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pirouttes in kilts


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During dress rehearsal Ballet Mistress noticed too much was showing (TMI!). So we wore shorts/briefs. Taking a cue from Queen Victoria, we used kilt safety pins to keep the kilt down. I'm wondering if it is safe to use kilt pins while dancing?

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Should be. Scotsmen have been doing it for years. Of course, what they did to produce their kind of "precautionary drawers" was to catch the shirttails, which should come down to your knees, in a belt, then pass the back tail through the legs to the front and under the front tails up to be tucked up under the belt. Then pass the front tails through the legs to the back and tuck them up under the belt. All this is hidden by the waistcoat when the several layers of clothing are finished.

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In ballet, one ends up seeing under just about any skirt or skirt-like garment that doesn't go below the knees. That is due to the high range of motion required of the legs in ballet. Good to keep in mind when designing what to wear underneath.

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I just had to change the direction of the Men's blog to something more manly.


In class this morning, I got so many questions from the ladies about wearing a Kilt:


Were You cold?


Did you wear something underneath?

(like a good Scotsman (partial) I admitted nothing)


Was the Kilt itchy?


Was it dry-cleaned?


Did you shave your legs?

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Did you wear something underneath?


To which a true Scotsman would have answered, "I'm a man of few words. Gie me your hand."


And there is nothing more manly than wearing the kilt. It takes a tough man to wear one.

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If you Gorgle Queen Elizabeth and kilt, the question will be definitively answered.



'Nuff Said

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I would never THINK of Gorgling Queen Elizabeth, fine figure of a woman that she is notwithstanding! :)

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  • 3 weeks later...

The question about "what do they wear under the kilt", is an old one. Never ask a drunken Scotsman that, because he'll likely show you!. :) Below is a sidebar story about executing pirouettes in kilts, (and yes, in ballet, undergarments are always worn. BTW: Personally, I never shaved my legs. Though, I may have reduced drag, like an Olympic sprinter, if I had!) :blushing:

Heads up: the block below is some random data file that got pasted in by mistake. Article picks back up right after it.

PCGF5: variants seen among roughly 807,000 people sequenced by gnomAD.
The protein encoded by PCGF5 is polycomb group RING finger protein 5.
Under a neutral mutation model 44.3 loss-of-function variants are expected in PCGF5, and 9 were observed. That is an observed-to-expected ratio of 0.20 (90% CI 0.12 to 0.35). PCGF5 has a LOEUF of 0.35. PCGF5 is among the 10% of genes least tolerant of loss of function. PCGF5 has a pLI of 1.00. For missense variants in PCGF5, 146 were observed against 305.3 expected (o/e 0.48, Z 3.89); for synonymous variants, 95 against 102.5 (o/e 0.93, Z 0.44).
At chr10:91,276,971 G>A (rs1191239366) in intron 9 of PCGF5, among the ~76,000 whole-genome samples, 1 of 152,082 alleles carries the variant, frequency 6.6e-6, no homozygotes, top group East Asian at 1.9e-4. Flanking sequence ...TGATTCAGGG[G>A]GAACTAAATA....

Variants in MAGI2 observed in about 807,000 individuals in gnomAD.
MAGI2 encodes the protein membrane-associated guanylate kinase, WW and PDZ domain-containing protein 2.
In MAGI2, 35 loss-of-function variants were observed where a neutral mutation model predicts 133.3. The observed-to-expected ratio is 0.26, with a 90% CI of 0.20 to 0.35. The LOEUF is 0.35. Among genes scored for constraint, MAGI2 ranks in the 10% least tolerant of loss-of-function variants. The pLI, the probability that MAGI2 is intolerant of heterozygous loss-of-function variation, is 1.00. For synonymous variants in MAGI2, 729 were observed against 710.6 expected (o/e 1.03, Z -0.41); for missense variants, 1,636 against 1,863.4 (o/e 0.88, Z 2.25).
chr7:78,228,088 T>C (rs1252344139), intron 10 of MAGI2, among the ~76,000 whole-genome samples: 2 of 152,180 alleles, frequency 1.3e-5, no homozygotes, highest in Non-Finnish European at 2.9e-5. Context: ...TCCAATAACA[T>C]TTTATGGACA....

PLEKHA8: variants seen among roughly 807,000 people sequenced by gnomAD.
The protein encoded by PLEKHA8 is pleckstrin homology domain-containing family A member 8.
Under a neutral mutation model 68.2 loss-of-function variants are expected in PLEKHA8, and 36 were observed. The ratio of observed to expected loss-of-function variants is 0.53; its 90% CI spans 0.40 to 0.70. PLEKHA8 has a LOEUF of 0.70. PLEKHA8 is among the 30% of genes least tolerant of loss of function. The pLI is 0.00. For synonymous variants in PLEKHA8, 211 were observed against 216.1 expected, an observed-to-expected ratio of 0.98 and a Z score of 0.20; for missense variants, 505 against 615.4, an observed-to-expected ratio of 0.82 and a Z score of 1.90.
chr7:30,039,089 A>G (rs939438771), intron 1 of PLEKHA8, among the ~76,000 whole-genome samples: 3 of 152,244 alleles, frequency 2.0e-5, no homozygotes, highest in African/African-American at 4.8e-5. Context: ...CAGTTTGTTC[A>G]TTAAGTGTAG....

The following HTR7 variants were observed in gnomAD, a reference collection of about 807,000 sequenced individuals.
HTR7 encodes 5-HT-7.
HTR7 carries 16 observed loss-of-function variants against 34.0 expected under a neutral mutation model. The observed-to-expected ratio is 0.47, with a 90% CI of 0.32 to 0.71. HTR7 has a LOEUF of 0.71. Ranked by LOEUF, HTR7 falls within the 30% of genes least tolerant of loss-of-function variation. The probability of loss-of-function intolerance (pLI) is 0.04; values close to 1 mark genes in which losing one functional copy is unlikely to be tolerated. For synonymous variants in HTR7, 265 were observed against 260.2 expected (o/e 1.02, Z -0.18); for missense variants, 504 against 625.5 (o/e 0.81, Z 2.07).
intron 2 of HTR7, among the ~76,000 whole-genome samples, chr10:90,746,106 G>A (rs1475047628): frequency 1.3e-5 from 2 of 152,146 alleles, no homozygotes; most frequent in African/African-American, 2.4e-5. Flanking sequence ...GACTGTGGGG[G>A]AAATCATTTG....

I recall when I was in my early 20s performing James in "La Sylphide" in the first seasons of Washington Ballet. We used a real kilt, not the light version usually designed for the ballet. With coaching from some Danish mentors, I learned to manage all those pirouettes, and worse, double tours wearing the kilt. Most of the tour pirouettes are en dedans in the many variations in the ballet. If you use the preparations properly, then increase the amount of normal plie and push off the back foot in grande fourth, the dancer can mitigate the affect of drag created by the centrifugal force of the billowing kilt.


But the double tours that occur at the end of last variation in the White Ballet "suite" portion of the ballet: triple e'chappe'e (aka: Entrechat six to out second to entrechat six in to fifth non change'), soussus, plie', double tour change'. Repeat left, then right. There is a phrase that finishes it ending with en dedans pirouettes, but the double tour tends to cause the dancer to "run out of gas" (aka "hit the wall"). In the last performance, I didn't have enough energy to do a full double tour, and finished facing up stage, thus swiveling around to front in fifth position. (It was cheating, but thinking on my feet!) Lesson learned for a young dancer: I should have felt how rubbery my legs were and opted for a single tour. In viewing the video, I have a good laugh to this day.


So, though no advice was asked for, I have coached other dancers doing both Gurn and James in "La Sylphide", and I think I could contribute something useful here....


Long story short; use more preparation to execute tours in kilts than you would without them. Consult with female colleagues regarding how they do it wearing romantic tutus. Though, pointe shoes reduce floor drag, the feel of centrifugal force has a similarity to kilts, and an experienced danseuse might be able to give a dancer some perspective on kilts.



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Have you tried a romantic tutu? I would expect it to weigh only a small fraction of a full kilt.


I'm wondering why they did NOT use a lightweight stage kilt. Doing so would have been consistent with so much of other ballet costuming.

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